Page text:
Do you remember what the Jews call the Shema?  It goes like this: Deut. 6:4-5 – Hear, O Israel: The LORD our God, the LORD is one.  Love the LORD your God with all your heart and with all your soul and with all your strength.  You know that by heart, probably.  We like to think about that, and my guess is that when we do, more often than not, we focus on the heart and strength aspect of the verse.  That’s not a bad thing – but there’s one other thing that we often overlook.  It’s the bit about loving Him with all our “soul.”  The Greek word is psyche and is also translated “mind”.  We are to love God, not just with our hearts (emotions) and strength, but also with our minds.  

From Mark Buchanan’s Hidden In Plain Sight – the Secret of More: “In old medieval maps, the cartographer typically inscribed uncharted areas with the words, Terra Incognita, “Unknown Earth.”  A convention then developed to add a warning, Hic Sunt Dracones, “Here be dragons.”

Terra Incognita was honest.  It was an admission of ignorance, an invitation to further exploration.  It awakened inquiry.  Hic sunt dracones was mere speculation, laden with superstition.  It was a covering up of ignorance with wild conjecture.  It warned off further expeditions.  It stifled inquiry.  It hid truth beneath a crust of myth making.

“This is easy to trip into, not least of all with our God talk.  When our theology is patchy, it’s best just to say so, and then set out to fill in the missing pieces.  But I find I’m prone to speculate, swap opinions, walk darkly.  I’m tempted to cover my ignorance with a flurry of razzamatazz and boondoggling.  Hic sunt dracones.

It’s a huge challenge, of course: this business of the study of God.  Unlike every other area of study in the universe, this is one course of study that will never be fully grasped, it’s depths will never fully be plumbed.  Physics is finite because it is a part of the finite universe.  Biology is finite, because it is about the study of the life of finite things.  Geology, paleontology, archaeology, astronomy…and any other science you can name, are all about finite things.  But theology is infinite because it is about that which is Infinite – God.  Could there be a more exciting, rewarding or important field of study?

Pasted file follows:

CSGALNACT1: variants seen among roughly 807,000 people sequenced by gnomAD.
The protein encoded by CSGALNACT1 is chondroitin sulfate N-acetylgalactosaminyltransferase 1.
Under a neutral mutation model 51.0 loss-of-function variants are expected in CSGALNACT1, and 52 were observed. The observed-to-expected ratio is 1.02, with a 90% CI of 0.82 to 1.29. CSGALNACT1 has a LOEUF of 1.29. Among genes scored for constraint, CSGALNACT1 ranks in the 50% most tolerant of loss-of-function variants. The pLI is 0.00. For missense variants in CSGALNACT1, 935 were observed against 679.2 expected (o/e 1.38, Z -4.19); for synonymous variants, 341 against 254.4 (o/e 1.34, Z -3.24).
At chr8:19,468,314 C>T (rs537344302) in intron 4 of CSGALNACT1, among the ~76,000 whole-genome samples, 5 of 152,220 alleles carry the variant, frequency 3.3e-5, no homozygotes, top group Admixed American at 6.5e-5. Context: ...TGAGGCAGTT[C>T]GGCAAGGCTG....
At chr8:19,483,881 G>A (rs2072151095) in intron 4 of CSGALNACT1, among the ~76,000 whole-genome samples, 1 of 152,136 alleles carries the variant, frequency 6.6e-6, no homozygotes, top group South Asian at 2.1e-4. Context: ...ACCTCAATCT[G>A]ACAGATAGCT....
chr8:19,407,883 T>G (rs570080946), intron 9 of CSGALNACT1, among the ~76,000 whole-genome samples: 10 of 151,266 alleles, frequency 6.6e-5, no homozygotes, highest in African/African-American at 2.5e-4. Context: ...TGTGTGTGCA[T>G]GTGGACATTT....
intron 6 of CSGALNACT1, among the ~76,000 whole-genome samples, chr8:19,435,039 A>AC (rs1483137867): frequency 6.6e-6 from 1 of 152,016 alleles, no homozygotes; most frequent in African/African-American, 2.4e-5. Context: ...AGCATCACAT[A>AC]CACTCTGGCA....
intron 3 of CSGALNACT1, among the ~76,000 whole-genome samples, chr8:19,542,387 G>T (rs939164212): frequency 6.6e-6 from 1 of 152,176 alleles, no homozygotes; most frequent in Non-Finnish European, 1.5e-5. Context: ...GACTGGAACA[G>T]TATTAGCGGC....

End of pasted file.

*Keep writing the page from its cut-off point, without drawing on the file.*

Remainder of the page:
How long have you spent this week in readying the word, or the thinking of those who have wrestled with these Infinite questions?  Maybe a better question would be this: why haven’t you spent time this week doing such things?  If you are a Christian, there is no more important course of study, and certainly no other line of research that will benefit you in eternity.

PRAYER:  Father, forgive us for letting our minds grow feeble and flabby through our laziness.  Help us to hunger and thirst after You and You alone.  In Jesus’ name, Amen.

Copyright by 2017 by Galen C. Dalrymple.  ><}}}”>

DayBreaks for 7/26/17 – A Giant, a Kid, a God

DayBreaks for 7/26/17: A Giant, a Kid, a God

I’m sure you remember the story of David and Goliath. For many, it is their favorite bible story (maybe especially for kids!). I always loved the story as a little boy – I think every little boy who heard it thought of themselves in the role as David!

I recently heard something that I thought was really good and wanted to pass it along. It will come at you in three parts, so let’s get started!

What is the perspective of the world when it comes to this story? Or, one might ask, what was the perspective of the Israelites as they stood there with the monster of a man, taunting them? Their reaction was: He’s too big to hit! Just think of what he might do to me if I were to hit him! He’d squash me like a bug! So, I think I’ll just leave Mr. Goliath alone because I don’t want to get squashed! I can understand that mindset, can’t you? If you’ve ever been faced with a bully, a BIG bully, you know precisely how it feels.

What is the perspective of David? It may have been something like this: He’s too big to miss! I couldn’t possibly miss him if I tried. Why, he’s bigger than my father’s stable! This is a no-lose situation! Let me at him! I think, from the way that David expressed himself, that he was full of confidence.

But, as interesting as both of those are, I think that this next perspective is the one that is the most intriguing. What was God’s perspective? Goliath is too small to matter. Watch what I’m going to do with him through a scrawny shepherd kid. I’ll squash him like a bug.